Established in 1956 by Ernest Wilson, Buffalo Gap Historic Village is an outdoor museum featuring numerous historical buildings dating from the late 1800s to the early 1900s, including the Old Taylor County Courthouse and Jail building (constructed in 1879) which is listed on the National Register of Historic Places. Many of the other structures were brought here from other parts of the state, including a Texaco gas station, log cabin, barbershop, blacksmith shop, and railroad depot. Visitors will learn about what life was like during the last fifty years of Texas frontier through static displays, a variety of programs, and from staff dressed in period clothing. The village is operated by the Texas Frontier Heritage & Cultural Center, a subsidiary of the McWhiney History Education Group.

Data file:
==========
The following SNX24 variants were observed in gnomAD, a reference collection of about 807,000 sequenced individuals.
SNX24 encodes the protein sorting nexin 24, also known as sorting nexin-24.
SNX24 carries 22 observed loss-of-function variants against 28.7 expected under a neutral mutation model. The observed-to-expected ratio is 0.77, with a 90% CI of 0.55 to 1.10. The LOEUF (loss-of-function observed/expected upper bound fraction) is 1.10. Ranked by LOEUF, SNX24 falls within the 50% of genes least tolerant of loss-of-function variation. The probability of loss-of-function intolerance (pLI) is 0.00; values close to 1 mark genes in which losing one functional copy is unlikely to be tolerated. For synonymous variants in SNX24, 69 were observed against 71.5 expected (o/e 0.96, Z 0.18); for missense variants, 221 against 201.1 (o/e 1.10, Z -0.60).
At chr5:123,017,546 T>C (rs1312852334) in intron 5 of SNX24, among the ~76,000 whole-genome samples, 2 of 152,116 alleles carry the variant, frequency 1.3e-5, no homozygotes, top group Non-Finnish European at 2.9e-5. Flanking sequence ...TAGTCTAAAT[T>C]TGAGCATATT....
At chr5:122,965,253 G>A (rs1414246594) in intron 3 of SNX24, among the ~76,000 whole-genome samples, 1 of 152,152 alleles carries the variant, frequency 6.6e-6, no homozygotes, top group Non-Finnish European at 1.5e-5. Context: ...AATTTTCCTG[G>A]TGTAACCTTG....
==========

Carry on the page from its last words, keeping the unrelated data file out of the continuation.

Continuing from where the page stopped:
• The Old Taylor County Courthouse, one of the several buildings at the village.
    The Old Taylor County Courthouse, one of the several buildings at the village.

When Ernest Wilson founded the village, it was just a museum featuring West Texas and Native American artifacts displayed in the courthouse building. Eventually, Wilson would acquire a few more structures before selling it to Dr. Lee Rode in 1977, who added more buildings in the coming years. In 1999, the village was purchased by the Grady McWhiney Research Foundation, which eventually changed its name to the McWhiney History Education Group. 

Sault, Spring. "Buffalo Gap Historic Village: Rural Texas Life, Heritage, & History Rolled in One." Texas Hill Country. May 26, 2017. http://texashillcountry.com/buffalo-gap-historic-village/2/. 

Photo: Renelibrary, via Wikimedia Commons